I went to the covered market this morning, and like every Sunday, the Communist Party was out there campaigning, in this case, for the European Union elections next week. Or maybe I should say against, since the prominent word on their posters was the word NON (i.e., “no”). As in say “no” to the uncaring European Union, who doesn’t give a damn about the workers. OK, I can see their point, but isn’t it just a wee bit negative to use the word “no” as a campaign slogan? How can you tell people to go out and vote (this was indeed a “get out the vote” campaign) for an institution that you are simultaneously declaring isn’t worth a hill of beans?
European Union elections are historically ill attended. Apathy or downright animosity keeps people away from the ballot box, as does the generalized fuzziness about what exactly one is voting for. For if everyone regularly complains that the “bureaucrats in Brussels” make undemocratic decisions that filter down and muck up the life of the common man and woman, they also are allergic to electing the deputies who at least give a semblance of democratic process.
But in France, this seeming contradiction bothers no one, since complaining is an age-old tradition and saying non is often the only honorable way to respond to a question. For example, let’s say you ask a store clerk if they have bananas. They will not equivocate like an American shopkeeper, who might say with a sad smile, “oh no, I’m sorry we don’t but we should have some tomorrow,” or “gee, I just sold the last one, and boy were they tasty” (both comments geared to getting you come back another day). No, they will look you squarely in the eye and say: non, or even more emphatically: pas du tout (not at all). Because in France, equivocating and unnecessary smiling are considered signs of weakness. That shopkeeper may have lost a sale, but she has saved her honor, and what’s more, she has defended La Gloire, that is, the glory of France.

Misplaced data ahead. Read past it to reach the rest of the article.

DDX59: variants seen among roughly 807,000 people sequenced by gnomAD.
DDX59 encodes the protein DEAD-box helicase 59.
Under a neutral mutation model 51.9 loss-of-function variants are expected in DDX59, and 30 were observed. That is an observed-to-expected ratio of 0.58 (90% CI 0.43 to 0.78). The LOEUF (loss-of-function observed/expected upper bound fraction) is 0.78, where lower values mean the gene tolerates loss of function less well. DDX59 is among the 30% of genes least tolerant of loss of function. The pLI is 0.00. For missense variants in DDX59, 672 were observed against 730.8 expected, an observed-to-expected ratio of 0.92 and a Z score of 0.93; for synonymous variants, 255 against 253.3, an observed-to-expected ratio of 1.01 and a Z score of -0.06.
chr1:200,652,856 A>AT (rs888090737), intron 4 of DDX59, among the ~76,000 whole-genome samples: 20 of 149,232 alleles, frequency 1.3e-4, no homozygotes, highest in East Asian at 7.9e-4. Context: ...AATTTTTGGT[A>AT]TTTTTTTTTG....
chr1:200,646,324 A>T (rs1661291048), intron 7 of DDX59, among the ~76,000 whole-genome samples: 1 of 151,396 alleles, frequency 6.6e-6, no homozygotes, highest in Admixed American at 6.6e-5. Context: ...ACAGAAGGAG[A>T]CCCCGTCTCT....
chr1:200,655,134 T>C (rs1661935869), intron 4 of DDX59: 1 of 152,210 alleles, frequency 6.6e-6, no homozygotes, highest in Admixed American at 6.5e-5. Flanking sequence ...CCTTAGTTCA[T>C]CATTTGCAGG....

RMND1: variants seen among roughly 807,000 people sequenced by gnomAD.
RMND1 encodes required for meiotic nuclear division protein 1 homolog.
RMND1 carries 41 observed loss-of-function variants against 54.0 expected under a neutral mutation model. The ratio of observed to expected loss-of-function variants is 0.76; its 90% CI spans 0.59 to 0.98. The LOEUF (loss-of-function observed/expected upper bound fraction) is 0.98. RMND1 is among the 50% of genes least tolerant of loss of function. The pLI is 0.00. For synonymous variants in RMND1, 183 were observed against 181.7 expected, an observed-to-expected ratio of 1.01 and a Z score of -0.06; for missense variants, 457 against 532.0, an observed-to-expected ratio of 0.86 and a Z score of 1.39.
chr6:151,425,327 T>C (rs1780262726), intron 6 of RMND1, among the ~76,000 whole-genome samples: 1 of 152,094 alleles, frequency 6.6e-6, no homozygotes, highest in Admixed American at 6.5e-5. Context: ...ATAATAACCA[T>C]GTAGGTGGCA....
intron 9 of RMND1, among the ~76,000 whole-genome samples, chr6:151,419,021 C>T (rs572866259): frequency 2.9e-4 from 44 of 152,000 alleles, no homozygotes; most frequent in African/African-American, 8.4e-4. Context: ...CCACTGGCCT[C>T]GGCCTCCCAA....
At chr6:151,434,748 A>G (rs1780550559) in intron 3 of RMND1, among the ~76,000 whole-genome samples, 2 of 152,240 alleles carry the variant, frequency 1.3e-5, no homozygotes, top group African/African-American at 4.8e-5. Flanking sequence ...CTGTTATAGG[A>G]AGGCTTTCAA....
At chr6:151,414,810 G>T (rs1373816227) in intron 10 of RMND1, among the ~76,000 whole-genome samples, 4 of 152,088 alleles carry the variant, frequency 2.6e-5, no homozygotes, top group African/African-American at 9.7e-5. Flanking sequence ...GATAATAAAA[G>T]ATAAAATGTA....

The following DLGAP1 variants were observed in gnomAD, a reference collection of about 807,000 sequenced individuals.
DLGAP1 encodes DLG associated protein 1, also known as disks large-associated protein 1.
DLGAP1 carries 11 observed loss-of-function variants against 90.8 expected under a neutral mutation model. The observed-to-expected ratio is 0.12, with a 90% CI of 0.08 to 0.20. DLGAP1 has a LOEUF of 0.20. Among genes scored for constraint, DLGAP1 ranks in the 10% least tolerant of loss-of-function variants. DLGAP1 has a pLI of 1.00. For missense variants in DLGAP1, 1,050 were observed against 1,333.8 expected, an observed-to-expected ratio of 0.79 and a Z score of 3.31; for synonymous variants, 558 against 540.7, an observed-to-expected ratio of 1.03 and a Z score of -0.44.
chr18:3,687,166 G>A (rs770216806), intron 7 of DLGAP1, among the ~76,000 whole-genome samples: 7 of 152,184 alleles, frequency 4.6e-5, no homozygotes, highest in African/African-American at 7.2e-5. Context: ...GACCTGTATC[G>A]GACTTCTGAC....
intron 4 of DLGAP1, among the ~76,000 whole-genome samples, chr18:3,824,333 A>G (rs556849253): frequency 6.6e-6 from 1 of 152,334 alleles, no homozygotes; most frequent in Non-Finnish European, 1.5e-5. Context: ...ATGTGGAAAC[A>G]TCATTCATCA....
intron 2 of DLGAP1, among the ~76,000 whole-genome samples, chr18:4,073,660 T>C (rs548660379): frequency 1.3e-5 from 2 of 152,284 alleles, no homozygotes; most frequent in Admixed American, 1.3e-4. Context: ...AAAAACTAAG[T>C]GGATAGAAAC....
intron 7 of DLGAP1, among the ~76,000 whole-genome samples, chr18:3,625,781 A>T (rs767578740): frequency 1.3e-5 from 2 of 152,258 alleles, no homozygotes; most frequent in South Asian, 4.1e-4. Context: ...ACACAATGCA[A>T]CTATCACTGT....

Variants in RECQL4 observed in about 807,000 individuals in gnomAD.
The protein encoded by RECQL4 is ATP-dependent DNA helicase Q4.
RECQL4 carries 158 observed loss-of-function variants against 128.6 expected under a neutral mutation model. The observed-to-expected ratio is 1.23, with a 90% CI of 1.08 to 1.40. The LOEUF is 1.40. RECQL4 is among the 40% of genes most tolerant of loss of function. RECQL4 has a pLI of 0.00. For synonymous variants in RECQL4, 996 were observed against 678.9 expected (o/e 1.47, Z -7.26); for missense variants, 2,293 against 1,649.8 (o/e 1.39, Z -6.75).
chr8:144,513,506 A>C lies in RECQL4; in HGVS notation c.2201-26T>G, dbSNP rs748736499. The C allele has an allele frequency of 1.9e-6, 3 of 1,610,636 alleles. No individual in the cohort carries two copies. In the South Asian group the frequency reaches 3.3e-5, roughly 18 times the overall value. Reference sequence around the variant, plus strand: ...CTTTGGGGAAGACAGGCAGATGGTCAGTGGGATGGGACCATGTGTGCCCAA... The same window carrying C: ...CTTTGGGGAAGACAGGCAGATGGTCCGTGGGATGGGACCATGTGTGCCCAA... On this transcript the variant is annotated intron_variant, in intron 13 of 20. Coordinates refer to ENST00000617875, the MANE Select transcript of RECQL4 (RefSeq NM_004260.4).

The general rule here is when in doubt, say no. It may be clothed in other words, however, like “maybe.” It took me years to figure out that when my sister-in-law responded to a question with pourquoi pas? (“why not?”) she in fact meant “no, anything but that.” Being direct is also frowned upon (unless you are a shopkeeper or the Communist Party), so “maybe” or “why not” sometimes have to do the job of “no.” If all this sounds complicated, it is, at least for a foreigner.
Fortunately for me, the elections aren't an issue, since I don’t have the right to vote. Because after 14 years country I still don’t have the nerve to face the red tape involved in getting dual citizenship. And perhaps this is where I must admit I’m turning a little bit French: when I think of going to the Préfecture and facing that bureaucratic madness, my instinctive response is: non, non, and pas du tout.